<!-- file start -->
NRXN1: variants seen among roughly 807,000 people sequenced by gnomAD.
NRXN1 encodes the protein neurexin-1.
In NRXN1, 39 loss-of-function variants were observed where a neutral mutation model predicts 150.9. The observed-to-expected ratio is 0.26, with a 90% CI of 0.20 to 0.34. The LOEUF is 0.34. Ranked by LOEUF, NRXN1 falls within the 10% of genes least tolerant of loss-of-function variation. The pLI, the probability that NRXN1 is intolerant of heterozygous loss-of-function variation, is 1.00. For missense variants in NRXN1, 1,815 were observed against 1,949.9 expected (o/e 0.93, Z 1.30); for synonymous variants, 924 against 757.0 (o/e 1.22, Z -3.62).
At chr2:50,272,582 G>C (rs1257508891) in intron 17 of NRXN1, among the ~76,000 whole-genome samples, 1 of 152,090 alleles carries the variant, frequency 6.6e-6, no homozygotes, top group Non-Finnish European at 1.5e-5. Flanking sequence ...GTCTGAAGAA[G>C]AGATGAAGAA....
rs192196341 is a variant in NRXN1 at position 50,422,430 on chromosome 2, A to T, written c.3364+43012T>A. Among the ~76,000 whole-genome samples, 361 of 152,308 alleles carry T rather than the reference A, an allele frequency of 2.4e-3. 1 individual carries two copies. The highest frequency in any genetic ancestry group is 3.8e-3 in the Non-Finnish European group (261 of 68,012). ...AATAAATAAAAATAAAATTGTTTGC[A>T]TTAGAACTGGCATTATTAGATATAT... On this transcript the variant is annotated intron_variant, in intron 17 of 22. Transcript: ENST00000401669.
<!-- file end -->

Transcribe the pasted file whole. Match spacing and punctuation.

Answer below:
NRXN1: variants seen among roughly 807,000 people sequenced by gnomAD.
NRXN1 encodes the protein neurexin-1.
In NRXN1, 39 loss-of-function variants were observed where a neutral mutation model predicts 150.9. The observed-to-expected ratio is 0.26, with a 90% CI of 0.20 to 0.34. The LOEUF is 0.34. Ranked by LOEUF, NRXN1 falls within the 10% of genes least tolerant of loss-of-function variation. The pLI, the probability that NRXN1 is intolerant of heterozygous loss-of-function variation, is 1.00. For missense variants in NRXN1, 1,815 were observed against 1,949.9 expected (o/e 0.93, Z 1.30); for synonymous variants, 924 against 757.0 (o/e 1.22, Z -3.62).
At chr2:50,272,582 G>C (rs1257508891) in intron 17 of NRXN1, among the ~76,000 whole-genome samples, 1 of 152,090 alleles carries the variant, frequency 6.6e-6, no homozygotes, top group Non-Finnish European at 1.5e-5. Flanking sequence ...GTCTGAAGAA[G>C]AGATGAAGAA....
rs192196341 is a variant in NRXN1 at position 50,422,430 on chromosome 2, A to T, written c.3364+43012T>A. Among the ~76,000 whole-genome samples, 361 of 152,308 alleles carry T rather than the reference A, an allele frequency of 2.4e-3. 1 individual carries two copies. The highest frequency in any genetic ancestry group is 3.8e-3 in the Non-Finnish European group (261 of 68,012). ...AATAAATAAAAATAAAATTGTTTGC[A>T]TTAGAACTGGCATTATTAGATATAT... On this transcript the variant is annotated intron_variant, in intron 17 of 22. Transcript: ENST00000401669.